My son is a little bit racist.
I’m afraid it’s totally my fault, having shielded him from, for lack of a more PC term, White People, for the better part of his 5 years. You see, we live in Los Angeles (I know, this is an OC publication, but I can’t afford the mortgage in Tustin), and so we see lots and lots and lots of different kinds of people: Black people, Hispanic people, Asian people and, of course, Jewish people. Most of them swarthy and dark-haired and most smiling at Zev with twinkles in their brown, brown eyes.
The stereotype of people from LA is blonde, blue-eyed, young and wealthy. But you forget that those are the adults. More specifically, that those are the svelte 20-something women. You also forget that the stereotype isn’t really true.
Granted, there actual Scandinavian types in the mix here, but I guess there aren’t enough of them because – oh man am I embarrassed to say this – my son can’t tell them apart.
This winter, Zev met his (non-Jewish) cousin Lewy, and the towhead’s mug must have made an impression on him, because now every pale, blonde boy Zev meets is instantly dubbed “Lewy.”
The real Lewy lives in a part of upstate New York where there’s a snow-topped church on nearly every corner, in other words, another planet. And lately, we’ve had a rash of visitors from such exotic locales as the Pacific Northwest, places known more for their microbrews than their pickled herring.
These far-off lands are filled with people who must take Vitamin D supplements to make up for the fact that there isn’t enough sunlight penetrating their fair, fair skin. It’s a haven for people who – as one of my friends from the region put it – teach their kids alternative rock instead of religion. A place where kids only play with wood toys, where Disney paraphernalia is verboten and where preschool rosters look like they were cribbed from a Laguna Woods’ phone book: Henry, Tallulah, Max, Stella, and, of course, Lew.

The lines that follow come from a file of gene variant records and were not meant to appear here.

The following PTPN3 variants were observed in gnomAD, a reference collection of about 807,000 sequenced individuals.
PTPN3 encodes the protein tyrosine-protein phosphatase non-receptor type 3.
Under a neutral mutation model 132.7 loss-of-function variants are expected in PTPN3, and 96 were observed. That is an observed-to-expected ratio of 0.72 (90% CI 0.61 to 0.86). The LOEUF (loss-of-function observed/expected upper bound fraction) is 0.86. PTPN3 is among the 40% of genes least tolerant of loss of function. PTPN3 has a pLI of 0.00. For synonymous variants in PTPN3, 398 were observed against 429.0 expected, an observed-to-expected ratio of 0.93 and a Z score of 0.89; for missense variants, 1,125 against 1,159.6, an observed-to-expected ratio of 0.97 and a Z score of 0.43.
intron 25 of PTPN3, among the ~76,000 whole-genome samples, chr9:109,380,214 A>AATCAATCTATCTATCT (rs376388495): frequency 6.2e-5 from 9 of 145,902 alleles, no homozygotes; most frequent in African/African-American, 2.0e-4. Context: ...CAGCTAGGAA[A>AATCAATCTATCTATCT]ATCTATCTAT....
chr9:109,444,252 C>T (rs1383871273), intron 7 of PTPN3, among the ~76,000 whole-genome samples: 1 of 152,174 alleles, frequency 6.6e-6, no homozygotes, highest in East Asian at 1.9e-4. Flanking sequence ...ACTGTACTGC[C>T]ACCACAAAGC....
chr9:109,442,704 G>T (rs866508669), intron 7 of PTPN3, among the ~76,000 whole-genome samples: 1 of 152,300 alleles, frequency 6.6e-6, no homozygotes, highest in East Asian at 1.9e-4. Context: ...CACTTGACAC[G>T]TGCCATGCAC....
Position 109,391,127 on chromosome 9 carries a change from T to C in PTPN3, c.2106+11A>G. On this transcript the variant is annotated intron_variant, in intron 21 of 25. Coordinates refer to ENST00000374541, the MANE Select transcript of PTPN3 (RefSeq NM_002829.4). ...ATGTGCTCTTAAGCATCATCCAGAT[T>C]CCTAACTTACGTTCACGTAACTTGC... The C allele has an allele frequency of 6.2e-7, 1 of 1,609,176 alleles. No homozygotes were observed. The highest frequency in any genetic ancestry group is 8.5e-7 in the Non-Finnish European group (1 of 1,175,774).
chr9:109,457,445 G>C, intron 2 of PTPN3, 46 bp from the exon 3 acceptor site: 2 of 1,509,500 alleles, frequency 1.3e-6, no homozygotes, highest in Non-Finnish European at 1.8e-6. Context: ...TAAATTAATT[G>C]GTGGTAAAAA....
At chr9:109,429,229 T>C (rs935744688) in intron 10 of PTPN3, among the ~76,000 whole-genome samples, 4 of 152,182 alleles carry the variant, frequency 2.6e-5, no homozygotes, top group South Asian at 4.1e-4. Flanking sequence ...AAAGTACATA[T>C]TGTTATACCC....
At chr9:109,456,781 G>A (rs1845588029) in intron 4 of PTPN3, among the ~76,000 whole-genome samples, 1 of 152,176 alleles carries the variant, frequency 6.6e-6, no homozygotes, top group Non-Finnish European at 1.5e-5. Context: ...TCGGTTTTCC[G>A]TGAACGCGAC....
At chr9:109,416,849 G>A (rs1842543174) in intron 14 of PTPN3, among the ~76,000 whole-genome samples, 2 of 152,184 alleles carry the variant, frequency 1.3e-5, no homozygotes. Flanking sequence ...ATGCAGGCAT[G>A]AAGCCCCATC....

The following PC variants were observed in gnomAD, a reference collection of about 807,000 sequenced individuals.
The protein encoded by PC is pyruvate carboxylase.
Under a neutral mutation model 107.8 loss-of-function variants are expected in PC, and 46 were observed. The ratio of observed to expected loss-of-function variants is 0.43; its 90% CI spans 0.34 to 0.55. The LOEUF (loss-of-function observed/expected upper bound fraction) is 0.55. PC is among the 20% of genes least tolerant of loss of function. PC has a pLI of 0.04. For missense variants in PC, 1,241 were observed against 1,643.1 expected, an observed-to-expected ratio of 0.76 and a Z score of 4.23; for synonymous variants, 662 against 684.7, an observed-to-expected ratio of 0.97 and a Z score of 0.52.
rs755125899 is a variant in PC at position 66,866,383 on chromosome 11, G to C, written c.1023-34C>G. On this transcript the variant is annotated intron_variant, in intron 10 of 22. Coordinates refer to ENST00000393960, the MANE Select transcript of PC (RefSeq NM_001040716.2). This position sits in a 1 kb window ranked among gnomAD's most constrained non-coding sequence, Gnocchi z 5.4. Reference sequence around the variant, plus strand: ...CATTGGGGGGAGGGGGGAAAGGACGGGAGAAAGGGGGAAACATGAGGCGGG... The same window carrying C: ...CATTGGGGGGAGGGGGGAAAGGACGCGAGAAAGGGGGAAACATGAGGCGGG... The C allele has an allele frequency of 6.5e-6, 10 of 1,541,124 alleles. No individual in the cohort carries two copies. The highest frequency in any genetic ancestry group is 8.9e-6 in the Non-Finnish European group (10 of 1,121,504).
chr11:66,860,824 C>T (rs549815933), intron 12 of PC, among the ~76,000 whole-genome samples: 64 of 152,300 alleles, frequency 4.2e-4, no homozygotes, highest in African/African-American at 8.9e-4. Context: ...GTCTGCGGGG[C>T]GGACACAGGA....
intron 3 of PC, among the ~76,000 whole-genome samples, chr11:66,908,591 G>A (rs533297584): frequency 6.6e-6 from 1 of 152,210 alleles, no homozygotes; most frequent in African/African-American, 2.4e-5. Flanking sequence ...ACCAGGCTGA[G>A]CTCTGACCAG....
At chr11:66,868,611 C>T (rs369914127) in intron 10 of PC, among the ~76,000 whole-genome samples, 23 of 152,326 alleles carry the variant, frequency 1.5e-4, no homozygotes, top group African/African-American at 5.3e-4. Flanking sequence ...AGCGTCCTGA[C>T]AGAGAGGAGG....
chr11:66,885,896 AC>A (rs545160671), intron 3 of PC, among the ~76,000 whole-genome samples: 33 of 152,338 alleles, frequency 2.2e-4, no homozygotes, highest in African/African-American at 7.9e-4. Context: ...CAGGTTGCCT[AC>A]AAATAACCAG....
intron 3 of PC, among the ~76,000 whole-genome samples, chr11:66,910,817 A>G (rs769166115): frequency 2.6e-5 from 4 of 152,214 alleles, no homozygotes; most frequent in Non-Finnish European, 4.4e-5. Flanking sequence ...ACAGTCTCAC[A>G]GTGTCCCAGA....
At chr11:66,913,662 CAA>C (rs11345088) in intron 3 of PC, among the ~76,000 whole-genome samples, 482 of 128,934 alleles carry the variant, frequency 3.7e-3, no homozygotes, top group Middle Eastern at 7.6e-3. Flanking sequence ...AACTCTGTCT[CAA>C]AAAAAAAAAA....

While there are blonde Jews – some of Zev’s best friends are blonde (Wow. Did I just type that?), I can forgive Zev for thinking that there is a stark visual similarity between every one of the porcelain dolls who have visited lately. These children have all been flawless. Boys with thick, straight hair, big blue eyes and smiles that could make you Top-Siders.
But to not be able to distinguish between them? At first it was funny. Then it got embarrassing:
Henry, the 3 year-old son of friends ours visiting from Seattle, was “Lewy.” Desmond was “Lewy.” Ian was “Lewy.” Even Jackson, the 8 year-old hockey-player with hair that would have made 1970s David Bowie weep, was “Lewy.”
Jackson is three feet taller than Lewy! How could he possibly be confused with Lewy?
“I don’t know, Eema,” Zev says matter-of-factly. “He just looks like Lewy.”
I never thought I would raise a racist. I always thought I was instilling an attitude of respect and appreciation for other people. When we’ve discussed religion, I’ve explained to Zev that there are many different ways of talking to God, and that God hears all of them. He has friends with two mommies. He counts Farsi, Spanish, Portuguese and Hebrew-speakers among his closest friends. But clearly, there is a group I have forgotten to incorporate in my “We-Are-the World” message of love. And I guess I’m going to have to do something about it.
I have this vision that eight years from now, I will take a 13-year-old Zev to Africa or South America to work with an aid organization as the “mitzvah” part of his Bar Mitzvah. My dream is to expand his horizons and instill in him a love of tzedakah and an understanding of other cultures.
Now, I think, instead, I’ll take him to a co-op in Portland.